This spring, my wife and I stood on the hills overlooking the valley of Elah, where the armies of Israel and Philistia once fought. It's a weathered valley. A small creek wanders along during the rainy season; smooth stones can still be dug from its bed. As our guide read the dramatic confrontation between David and Goliath, I visualized frightened clans of nomadic tribesmen, huddled around a cowardly king, staring across the shallow valley at the swords and shields of Philistine giants. The victory of David and his God never seemed more heroic.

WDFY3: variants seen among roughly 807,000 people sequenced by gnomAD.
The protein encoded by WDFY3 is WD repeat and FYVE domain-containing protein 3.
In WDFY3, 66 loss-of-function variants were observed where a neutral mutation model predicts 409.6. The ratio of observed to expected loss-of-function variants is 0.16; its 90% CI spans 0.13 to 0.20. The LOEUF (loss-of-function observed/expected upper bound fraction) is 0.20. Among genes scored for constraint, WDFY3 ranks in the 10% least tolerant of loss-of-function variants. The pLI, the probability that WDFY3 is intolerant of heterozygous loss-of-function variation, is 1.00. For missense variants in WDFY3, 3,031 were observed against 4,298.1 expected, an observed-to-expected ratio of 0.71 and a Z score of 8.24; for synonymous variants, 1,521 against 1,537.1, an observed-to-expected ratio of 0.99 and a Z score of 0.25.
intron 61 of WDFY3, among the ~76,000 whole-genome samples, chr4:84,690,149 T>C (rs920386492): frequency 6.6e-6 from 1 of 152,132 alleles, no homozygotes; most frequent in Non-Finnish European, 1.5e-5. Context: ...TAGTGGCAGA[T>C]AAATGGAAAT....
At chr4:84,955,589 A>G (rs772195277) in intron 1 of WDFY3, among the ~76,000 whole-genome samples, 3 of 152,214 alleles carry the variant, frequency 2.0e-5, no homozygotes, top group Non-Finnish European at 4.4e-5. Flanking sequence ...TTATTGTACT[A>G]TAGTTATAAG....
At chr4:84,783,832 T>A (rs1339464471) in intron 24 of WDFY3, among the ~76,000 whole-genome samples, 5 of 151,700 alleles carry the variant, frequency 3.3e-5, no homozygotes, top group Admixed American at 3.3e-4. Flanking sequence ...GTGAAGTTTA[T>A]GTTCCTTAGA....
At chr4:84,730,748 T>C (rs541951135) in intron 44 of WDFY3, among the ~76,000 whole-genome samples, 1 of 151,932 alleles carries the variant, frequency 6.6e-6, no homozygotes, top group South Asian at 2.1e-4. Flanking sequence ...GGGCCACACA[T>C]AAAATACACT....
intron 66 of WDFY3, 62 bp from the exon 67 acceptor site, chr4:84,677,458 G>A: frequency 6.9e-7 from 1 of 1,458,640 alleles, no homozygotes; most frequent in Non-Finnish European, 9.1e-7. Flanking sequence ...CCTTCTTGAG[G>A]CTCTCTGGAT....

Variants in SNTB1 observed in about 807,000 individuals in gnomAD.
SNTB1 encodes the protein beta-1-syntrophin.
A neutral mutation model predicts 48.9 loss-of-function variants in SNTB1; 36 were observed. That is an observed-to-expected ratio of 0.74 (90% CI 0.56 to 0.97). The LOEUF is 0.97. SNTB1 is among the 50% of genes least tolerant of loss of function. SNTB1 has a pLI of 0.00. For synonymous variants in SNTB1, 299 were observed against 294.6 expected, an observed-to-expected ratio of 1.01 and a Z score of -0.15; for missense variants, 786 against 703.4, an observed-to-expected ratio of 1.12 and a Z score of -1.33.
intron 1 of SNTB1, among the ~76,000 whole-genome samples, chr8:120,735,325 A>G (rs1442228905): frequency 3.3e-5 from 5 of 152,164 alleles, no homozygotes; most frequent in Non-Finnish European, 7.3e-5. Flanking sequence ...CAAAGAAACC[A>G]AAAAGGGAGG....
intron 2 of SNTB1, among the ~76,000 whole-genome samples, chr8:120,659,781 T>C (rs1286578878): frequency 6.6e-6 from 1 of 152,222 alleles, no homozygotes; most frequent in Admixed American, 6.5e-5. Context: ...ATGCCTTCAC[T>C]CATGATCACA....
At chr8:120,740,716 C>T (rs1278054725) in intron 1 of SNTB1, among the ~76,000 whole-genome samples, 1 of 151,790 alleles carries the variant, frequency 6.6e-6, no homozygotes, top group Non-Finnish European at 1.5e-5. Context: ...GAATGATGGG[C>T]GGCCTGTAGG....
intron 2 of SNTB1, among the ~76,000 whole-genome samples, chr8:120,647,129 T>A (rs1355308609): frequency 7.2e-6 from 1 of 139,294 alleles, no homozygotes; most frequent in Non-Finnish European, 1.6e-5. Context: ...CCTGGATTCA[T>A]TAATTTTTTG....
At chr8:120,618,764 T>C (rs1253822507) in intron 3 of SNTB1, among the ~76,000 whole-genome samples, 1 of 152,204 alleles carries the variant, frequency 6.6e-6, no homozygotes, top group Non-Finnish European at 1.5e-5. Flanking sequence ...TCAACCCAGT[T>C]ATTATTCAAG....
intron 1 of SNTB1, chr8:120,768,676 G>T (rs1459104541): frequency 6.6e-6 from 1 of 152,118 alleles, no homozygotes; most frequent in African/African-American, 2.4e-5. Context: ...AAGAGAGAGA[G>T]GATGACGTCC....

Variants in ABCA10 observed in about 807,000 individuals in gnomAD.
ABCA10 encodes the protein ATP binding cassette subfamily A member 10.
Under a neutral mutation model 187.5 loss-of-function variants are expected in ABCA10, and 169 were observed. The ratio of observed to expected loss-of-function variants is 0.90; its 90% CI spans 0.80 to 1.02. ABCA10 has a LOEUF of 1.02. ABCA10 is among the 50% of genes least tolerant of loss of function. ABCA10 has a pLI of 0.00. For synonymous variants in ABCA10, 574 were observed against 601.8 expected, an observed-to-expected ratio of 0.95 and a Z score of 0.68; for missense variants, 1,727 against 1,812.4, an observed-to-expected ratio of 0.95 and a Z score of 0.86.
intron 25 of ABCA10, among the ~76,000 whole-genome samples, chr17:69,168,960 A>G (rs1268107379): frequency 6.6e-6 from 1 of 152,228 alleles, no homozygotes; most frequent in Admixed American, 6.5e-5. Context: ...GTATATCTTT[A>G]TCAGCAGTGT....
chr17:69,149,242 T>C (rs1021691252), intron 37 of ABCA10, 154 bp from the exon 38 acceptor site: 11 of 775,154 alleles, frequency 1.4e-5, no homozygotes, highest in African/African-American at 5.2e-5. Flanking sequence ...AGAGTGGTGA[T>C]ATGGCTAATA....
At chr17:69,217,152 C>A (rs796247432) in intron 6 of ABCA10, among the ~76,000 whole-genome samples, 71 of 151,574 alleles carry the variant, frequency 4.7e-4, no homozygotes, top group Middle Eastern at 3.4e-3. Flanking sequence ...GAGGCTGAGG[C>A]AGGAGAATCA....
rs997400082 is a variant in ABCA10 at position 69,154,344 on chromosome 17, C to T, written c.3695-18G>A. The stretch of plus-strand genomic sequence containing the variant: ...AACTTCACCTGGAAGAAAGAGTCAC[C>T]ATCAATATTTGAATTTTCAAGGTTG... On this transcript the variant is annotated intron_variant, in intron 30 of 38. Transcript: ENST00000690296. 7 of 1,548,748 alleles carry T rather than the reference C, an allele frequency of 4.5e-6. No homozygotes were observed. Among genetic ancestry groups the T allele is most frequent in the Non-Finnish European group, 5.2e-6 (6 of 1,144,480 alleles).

This scene prompted considerable reflection about Old Testament culture: plunder and pillage as a way of life; enemy foreskins the trophies of success; little boys dreaming of becoming "mighty men of valor." Winning was more than a Vince Lombardi concept. Winning meant survival; losing meant death.
Survival depended upon two things: the blessing of God and the man who fought by your side. God's blessing was sought before battle and wildly celebrated ...1